GREENVILLE, S.C. — A small group of protesters flew a large Confederate flag from the top of a parking garage next to the arena hosting two men’s NCAA Tournament games.
The group arrived Sunday morning, raising the flag from the back of a pickup truck. They planned to stay throughout the games and be on grounds as fans arrived at Bon Secours Wellness Arena.
Greenville police had the group move the truck about 50 feet away, citing safety concerns if the flag tipped.
Protesters said they wanted to make their presence known to the NCAA. The governing body lifted its ban against South Carolina holding championships in 2015.
By the early afternoon there were about a dozen protesters, many carrying Confederate flags, across the street from the arena’s main entrance.
NCAA executive Dan Gavitt said in a statement the organization would not permit symbols compromising a safe environment on venue property the tournament controls. Other areas are under the city’s jurisdiction, and the NCAA back the city’s efforts to manage actions concerning freedom of speech.
This regional has dealt with politically charged events the past six months. The NCAA originally placed the games in Greensboro, North Carolina. But it removed them from the state over its HB2 bill, which limits protections offered to LGBT people and relocating to Greenville.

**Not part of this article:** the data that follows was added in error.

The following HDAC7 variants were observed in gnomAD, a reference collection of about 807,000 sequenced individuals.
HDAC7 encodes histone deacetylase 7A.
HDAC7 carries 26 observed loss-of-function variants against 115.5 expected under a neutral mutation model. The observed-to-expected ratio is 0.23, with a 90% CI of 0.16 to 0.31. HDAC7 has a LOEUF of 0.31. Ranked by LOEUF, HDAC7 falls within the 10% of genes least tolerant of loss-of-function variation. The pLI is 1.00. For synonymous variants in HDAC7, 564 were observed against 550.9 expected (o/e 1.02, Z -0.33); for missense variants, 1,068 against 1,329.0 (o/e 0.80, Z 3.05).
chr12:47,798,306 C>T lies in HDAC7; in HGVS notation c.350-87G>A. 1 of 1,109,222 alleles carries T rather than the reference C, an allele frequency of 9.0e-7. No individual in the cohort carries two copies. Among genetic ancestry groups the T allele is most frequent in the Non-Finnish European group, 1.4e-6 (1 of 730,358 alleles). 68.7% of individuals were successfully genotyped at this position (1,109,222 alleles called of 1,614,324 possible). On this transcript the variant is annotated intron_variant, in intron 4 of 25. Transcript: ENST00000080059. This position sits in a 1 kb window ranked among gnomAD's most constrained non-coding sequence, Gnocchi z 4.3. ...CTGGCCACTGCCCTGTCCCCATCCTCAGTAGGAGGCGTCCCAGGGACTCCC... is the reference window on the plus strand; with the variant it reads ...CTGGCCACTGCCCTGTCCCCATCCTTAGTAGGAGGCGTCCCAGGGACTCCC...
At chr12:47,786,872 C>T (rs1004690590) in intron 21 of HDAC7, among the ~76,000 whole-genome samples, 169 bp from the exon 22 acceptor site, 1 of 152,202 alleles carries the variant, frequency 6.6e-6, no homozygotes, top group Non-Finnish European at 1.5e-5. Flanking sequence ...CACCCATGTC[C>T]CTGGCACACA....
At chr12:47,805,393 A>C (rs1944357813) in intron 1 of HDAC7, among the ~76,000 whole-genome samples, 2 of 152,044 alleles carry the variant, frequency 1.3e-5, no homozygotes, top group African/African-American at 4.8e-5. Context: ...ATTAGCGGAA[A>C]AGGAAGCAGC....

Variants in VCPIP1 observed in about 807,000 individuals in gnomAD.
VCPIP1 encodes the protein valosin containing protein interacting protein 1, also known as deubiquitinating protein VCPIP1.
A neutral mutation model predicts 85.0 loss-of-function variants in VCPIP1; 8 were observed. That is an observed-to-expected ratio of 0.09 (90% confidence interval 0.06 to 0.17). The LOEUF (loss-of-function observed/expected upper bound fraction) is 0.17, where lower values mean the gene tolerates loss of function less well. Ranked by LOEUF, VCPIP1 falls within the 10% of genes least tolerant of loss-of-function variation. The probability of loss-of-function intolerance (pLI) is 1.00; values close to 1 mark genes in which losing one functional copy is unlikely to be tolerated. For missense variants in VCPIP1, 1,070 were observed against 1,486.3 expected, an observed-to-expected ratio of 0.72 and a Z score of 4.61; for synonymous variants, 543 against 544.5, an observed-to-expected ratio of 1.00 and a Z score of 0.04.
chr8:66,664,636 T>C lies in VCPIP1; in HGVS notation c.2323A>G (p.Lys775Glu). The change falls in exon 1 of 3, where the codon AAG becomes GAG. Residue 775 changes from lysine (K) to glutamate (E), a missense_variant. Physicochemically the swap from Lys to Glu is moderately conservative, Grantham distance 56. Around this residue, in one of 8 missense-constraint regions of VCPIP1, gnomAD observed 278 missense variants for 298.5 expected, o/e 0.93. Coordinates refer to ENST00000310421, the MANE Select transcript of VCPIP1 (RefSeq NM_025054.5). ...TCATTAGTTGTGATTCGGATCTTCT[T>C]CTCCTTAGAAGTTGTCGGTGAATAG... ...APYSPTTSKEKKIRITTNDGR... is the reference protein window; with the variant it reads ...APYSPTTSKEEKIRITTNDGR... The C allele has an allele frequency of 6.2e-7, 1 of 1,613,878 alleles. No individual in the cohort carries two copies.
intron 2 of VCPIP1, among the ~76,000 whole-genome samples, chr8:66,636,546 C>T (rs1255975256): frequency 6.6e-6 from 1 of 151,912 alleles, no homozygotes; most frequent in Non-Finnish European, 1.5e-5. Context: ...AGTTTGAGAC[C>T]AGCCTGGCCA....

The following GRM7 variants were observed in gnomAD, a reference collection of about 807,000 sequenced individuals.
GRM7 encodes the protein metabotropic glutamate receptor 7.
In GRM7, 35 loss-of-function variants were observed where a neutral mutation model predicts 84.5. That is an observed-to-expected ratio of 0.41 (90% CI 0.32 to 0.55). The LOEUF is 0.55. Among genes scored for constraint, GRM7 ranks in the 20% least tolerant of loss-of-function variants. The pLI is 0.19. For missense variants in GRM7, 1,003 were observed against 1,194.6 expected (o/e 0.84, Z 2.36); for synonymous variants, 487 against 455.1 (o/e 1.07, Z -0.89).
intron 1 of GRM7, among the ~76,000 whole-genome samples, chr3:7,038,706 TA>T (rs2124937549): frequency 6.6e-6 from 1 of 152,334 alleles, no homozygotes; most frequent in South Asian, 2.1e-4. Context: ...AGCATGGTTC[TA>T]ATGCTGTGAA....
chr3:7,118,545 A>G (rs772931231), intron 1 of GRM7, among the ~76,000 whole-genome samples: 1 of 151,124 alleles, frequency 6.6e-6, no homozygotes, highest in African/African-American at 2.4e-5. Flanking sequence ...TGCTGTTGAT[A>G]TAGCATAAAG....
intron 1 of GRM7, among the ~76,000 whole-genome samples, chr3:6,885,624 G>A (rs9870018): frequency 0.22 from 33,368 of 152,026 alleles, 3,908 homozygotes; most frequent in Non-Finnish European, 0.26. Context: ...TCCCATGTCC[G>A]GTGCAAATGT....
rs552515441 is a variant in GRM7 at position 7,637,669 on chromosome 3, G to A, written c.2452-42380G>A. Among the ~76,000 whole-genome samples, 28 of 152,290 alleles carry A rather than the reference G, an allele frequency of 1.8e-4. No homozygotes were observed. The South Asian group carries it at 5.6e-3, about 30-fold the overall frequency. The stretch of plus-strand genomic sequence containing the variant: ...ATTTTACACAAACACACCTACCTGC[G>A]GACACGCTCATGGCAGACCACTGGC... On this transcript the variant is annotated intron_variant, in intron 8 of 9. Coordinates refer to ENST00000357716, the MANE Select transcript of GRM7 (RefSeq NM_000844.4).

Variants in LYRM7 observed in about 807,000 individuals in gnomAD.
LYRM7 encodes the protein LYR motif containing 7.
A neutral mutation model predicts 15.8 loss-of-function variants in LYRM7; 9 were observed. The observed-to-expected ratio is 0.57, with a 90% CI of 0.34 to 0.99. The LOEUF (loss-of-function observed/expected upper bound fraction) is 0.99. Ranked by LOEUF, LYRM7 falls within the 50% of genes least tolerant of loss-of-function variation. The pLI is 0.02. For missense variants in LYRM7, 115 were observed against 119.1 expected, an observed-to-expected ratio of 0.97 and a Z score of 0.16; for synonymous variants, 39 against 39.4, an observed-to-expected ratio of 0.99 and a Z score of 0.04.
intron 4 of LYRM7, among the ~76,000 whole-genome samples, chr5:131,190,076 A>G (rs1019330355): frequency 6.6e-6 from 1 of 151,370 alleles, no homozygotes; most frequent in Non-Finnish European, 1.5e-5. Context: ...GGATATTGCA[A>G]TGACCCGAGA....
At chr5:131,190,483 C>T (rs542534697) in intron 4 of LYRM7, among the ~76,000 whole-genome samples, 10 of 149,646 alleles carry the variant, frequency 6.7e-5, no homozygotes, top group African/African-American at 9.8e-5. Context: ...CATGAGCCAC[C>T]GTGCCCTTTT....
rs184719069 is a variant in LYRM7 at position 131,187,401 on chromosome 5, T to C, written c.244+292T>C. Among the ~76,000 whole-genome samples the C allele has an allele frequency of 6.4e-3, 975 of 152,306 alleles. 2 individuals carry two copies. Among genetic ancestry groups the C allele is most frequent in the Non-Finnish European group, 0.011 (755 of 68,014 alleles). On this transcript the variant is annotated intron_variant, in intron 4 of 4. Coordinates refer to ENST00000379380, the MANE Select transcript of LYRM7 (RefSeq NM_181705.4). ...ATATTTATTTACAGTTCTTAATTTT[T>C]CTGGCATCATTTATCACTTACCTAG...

In 2002, the NAACP held a march in downtown Greenville to protest the state flying the flag on Statehouse grounds during the NCAA regionals at the arena.
Sunday’s games featured North Carolina against Arkansas and Duke against South Carolina.
South Carolina was unable to host NCAA predetermined championships because of the organization’s ban, which began in 2001. The NCAA regional in 2002 was allowed to remain in the state. That led the NAACP and others to turn out for a march to the arena steps in support of taking down the flag.
The issue was settled in 2015 after the massacre of nine black Charleston church goers by Dylann Roof, who was seen in pictures with the Confederate flag. State lawmakers voted to remove the flag in July 2015 and the NCAA lifted its sanctions. Roof was convicted of multiple murder counts and sentenced to death.
Hunter Meadows of Blue Ridge said the protesters did not think it fair that all Confederate flag supporters were blamed for Roof’s actions.
“I didn’t feel it was right when the flag came down,” said Meadows, who said his ancestors fought for the Confederacy in the Civil War. “We wanted to show the NCAA that we’re still here.”